12. Muldoon KA, Duff PK, Fielden S, Anema A. Food insufficiency is associated with psychiatric morbidity in a nationally representative study of mental illness among food insecure Canadians. Soc Psychiatry Psychiatr Epidemiol. 2013;48(5):795–803.

    Article  Google Scholar 

  13. Cook JT, Black M, Chilton M, Cutts D, de EttingerCuba S, Heeren TC, et al. Are food insecurity’s health impacts underestimated in the US population? Marginal food security also predicts adverse health outcomes in young US children and mothers. Adv Nutr. 2013;4(1):51–61.

    Article  Google Scholar 

  14. Jessiman-Perreault G, McIntyre L. The household food insecurity gradient and potential reductions in adverse population mental health outcomes in Canadian adults. SSM-Population Health. 2017;3:464–72.

    Article  Google Scholar 

  15. Jessiman-Perreault G, McIntyre L. Household food insecurity narrows the sex gap in five adverse mental health outcomes among Canadian adults. Int J Environ Res Public Health. 2019;16(3):319.

    Article  Google Scholar 

  16. Tarasuk V, Fafard St-Germain A-A, Mitchell A. Geographic and socio-demographic predictors of household food insecurity in Canada, 2011–12. BMC Public Health. 2019;19(1):12.

    Article  Google Scholar 

  17. Sareen J, Afifi TO, McMillan KA, Asmundson GJG. Relationship between household income and mental disorders: findings from a population-based longitudinal study. Arch Gen Psychiatry. 2011;68(4):419–27.

    Article  Google Scholar 

  18. Fang D, Thomsen MR, Nayga RM. The association between food insecurity and mental health during the COVID-19 pandemic. BMC Public Health. 2021;21(1):1–8.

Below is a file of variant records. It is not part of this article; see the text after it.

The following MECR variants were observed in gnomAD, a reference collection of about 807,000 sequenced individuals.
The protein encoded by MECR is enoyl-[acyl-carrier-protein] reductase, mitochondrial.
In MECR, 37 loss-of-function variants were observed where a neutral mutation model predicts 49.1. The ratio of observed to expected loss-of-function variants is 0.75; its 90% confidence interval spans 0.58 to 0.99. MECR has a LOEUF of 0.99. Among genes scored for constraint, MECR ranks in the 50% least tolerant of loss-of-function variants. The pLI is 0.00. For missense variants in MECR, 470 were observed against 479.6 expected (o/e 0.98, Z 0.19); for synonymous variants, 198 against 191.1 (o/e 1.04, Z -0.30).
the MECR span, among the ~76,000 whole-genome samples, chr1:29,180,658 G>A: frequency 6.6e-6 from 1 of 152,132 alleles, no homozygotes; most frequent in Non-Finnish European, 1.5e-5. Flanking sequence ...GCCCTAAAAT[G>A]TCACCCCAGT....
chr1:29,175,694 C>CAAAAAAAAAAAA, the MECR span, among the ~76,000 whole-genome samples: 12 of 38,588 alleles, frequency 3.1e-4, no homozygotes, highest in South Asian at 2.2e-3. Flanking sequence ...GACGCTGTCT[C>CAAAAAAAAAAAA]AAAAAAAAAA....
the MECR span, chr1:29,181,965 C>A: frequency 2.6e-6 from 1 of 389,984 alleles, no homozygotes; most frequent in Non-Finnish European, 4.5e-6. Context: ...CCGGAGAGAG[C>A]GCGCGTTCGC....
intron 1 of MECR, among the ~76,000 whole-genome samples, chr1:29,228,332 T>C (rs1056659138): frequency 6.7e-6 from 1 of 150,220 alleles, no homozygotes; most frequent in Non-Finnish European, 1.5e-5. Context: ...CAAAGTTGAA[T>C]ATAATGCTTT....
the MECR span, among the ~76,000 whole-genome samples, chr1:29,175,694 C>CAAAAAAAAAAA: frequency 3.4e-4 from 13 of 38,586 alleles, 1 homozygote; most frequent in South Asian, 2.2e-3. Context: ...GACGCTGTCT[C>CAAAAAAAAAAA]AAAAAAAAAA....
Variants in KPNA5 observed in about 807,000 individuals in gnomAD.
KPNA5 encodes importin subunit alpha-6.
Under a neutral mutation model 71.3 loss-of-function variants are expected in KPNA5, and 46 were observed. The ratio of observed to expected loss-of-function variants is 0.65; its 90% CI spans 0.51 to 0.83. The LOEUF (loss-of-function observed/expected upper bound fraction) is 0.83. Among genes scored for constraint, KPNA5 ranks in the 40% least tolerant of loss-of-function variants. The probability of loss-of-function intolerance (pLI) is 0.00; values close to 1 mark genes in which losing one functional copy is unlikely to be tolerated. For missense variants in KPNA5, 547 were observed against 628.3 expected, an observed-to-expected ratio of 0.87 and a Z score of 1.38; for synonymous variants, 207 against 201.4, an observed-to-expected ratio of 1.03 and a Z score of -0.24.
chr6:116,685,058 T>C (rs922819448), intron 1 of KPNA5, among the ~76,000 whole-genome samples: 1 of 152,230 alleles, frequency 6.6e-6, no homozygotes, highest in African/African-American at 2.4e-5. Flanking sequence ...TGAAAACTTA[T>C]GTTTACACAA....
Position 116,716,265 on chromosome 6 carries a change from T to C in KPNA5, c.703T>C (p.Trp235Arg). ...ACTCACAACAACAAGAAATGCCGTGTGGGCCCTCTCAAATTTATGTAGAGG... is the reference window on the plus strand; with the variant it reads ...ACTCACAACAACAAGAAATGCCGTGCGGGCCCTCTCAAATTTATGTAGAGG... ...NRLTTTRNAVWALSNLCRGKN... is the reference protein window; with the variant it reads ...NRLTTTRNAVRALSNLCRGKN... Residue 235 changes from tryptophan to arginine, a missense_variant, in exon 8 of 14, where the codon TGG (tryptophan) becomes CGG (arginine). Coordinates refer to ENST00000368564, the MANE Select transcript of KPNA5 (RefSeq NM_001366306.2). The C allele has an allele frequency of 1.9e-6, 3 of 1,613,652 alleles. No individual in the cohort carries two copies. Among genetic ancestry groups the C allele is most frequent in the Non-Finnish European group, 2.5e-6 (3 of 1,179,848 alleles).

Article  Google Scholar 

  19. Wolfson JA, Leung CW. Food insecurity and COVID-19: disparities in early effects for US adults. Nutrients. 2020;12(6):1648.

    Article  CAS  Google Scholar 

  20. OCAP: First Nations Information Governance Centre; 2021 [Available from:

  21. Gilbody S, Richards D, Brealey S, Hewitt C. Screening for depression in medical settings with the Patient Health Questionnaire (PHQ): a diagnostic meta-analysis. J Gen Intern Med. 2007;22(11):1596–602.

    Article  Google Scholar 

  22. Löwe B, Kroenke K, Gräfe K. Detecting and monitoring depression with a two-item questionnaire (PHQ-2). J Psychosom Res. 2005;58(2):163–71.

    Article  Google Scholar 

  23. Kroenke K, Spitzer RL, Williams JB. The patient health questionnaire-2: validity of a two-item depression screener. Med Care. 2003;41:1284–92.

    Article  Google Scholar 

  24. Gelaye B, Wilson I, Berhane HY, Deyessa N, Bahretibeb Y, Wondimagegn D, et al. Diagnostic validity of the Patient Health Questionnaire-2 (PHQ-2) among Ethiopian adults. Compr Psychiatry. 2016;70:216–21.

    Article  Google Scholar 

  25. Monahan PO, Shacham E, Reece M, Kroenke K, Ong’or WO, Omollo O, et al. Validity/reliability of PHQ-9 and PHQ-2 depression scales among adults living with HIV/AIDS in western Kenya. J Gen Intern Med. 2009;24(2):189–97.

    Article  Google Scholar